Last December the Journal published
pictures of the principal German self-propelled
guns. These and many others have since
confronted the Allies in the U.S.S.R., Italy and
France. Some of the guns that we captured in Tunisia
have continued to appear in large numbers in Europe. They
include the 75-mm. and 105-mm. assault guns on the PzKw III chassis,
the 75-mm. on the Czech PzKw 38 chassis (right) and
on the French Lorraine chassis (below).
Soviet troops first encountered the self-propelled 88-mm. gun,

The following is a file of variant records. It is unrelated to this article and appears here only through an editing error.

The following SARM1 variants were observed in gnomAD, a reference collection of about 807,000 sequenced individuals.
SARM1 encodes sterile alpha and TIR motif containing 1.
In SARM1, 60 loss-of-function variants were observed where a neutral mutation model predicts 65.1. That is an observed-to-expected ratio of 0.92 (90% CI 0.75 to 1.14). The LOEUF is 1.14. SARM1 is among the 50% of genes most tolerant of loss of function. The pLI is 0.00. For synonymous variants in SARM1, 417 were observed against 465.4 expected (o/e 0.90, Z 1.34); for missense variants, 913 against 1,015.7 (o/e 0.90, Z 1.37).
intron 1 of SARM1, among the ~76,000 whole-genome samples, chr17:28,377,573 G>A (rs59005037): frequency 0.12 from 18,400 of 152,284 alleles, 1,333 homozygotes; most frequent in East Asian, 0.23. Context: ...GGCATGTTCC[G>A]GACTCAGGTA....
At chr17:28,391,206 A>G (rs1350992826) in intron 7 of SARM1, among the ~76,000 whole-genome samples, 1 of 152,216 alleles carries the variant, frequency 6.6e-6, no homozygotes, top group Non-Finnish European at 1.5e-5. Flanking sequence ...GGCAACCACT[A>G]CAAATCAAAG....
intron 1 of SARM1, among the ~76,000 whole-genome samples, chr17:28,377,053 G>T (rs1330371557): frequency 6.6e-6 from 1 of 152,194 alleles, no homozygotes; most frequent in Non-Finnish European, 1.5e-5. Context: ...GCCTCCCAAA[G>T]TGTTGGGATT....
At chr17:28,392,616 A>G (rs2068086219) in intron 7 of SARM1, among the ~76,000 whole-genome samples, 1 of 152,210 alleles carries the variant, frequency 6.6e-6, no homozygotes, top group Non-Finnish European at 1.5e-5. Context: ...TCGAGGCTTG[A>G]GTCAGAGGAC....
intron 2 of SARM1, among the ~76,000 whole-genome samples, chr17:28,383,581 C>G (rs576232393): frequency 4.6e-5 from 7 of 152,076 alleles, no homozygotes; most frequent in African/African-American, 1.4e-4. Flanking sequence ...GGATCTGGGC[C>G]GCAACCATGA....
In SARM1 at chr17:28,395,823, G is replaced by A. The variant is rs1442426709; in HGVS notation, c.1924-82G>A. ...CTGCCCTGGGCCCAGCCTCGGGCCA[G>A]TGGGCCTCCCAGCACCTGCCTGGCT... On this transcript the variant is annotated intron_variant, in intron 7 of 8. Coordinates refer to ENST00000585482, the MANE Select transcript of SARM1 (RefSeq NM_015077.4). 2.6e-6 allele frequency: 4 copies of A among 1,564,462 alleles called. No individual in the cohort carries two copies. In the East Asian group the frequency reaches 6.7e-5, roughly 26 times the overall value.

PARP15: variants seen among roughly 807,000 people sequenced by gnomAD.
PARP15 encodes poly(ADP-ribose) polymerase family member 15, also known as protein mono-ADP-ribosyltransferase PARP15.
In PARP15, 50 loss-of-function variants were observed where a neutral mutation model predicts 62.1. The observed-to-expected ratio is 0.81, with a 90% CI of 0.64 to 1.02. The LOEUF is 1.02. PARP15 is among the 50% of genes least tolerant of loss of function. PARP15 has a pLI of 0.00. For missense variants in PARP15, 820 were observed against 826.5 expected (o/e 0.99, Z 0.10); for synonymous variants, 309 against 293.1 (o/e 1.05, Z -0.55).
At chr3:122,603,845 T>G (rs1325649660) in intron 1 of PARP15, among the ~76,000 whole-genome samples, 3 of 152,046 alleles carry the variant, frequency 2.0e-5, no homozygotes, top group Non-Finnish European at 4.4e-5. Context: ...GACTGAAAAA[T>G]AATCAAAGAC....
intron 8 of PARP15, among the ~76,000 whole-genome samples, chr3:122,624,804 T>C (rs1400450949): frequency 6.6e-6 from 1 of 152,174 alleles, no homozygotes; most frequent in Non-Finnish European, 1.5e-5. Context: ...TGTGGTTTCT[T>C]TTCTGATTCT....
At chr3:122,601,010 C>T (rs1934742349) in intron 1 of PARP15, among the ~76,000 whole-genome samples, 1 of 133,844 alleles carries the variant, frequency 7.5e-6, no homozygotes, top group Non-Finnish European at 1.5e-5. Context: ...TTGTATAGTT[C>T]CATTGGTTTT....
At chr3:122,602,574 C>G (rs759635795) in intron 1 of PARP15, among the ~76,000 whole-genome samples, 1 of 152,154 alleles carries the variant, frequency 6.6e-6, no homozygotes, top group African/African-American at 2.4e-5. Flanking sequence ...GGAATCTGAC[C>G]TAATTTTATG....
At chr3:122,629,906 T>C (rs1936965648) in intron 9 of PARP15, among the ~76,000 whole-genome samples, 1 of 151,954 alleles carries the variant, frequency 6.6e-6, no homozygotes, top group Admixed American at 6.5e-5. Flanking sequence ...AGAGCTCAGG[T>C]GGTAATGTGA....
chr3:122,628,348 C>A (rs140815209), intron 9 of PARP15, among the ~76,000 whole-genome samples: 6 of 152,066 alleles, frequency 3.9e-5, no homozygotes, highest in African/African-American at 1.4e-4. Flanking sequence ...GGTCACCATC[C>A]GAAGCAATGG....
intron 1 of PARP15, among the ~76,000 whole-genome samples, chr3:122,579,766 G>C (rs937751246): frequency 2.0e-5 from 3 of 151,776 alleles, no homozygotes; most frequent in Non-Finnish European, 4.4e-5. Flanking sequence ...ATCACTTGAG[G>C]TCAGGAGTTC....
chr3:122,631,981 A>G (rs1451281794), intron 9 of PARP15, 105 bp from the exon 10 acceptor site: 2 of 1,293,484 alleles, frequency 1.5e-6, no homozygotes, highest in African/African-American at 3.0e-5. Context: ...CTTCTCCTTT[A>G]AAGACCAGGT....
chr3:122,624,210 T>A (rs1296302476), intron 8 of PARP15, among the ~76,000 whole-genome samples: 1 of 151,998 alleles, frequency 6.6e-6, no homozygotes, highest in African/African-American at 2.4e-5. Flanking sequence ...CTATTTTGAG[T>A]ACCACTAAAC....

Ferdinand, in 1943; U.S. and British troops met it in Italy.
How they dealt with the 72-ton monster is shown on page 14.
Ferdinand remains the only German self-propelled gun that
was made to order from start to finish -- an original
design. The others have all been adaptations.
The newest German SP guns
continue to be adaptations of present equipment. They
illustrate a trend toward greater firepower on PzKw IV and VI
Czech PzKw 38 chassis that mounts
a 75-mm. is a favorite German self-propelled
weapon. The gun is housed in a tall, open-topped,
slant-sided shield well to the rear.|
|More familiar version of
German 75-mm. gun on the Czech chassis has cone-shaped
gun housing set well forward. Czech suspension has short
wheel base of four large bogies.|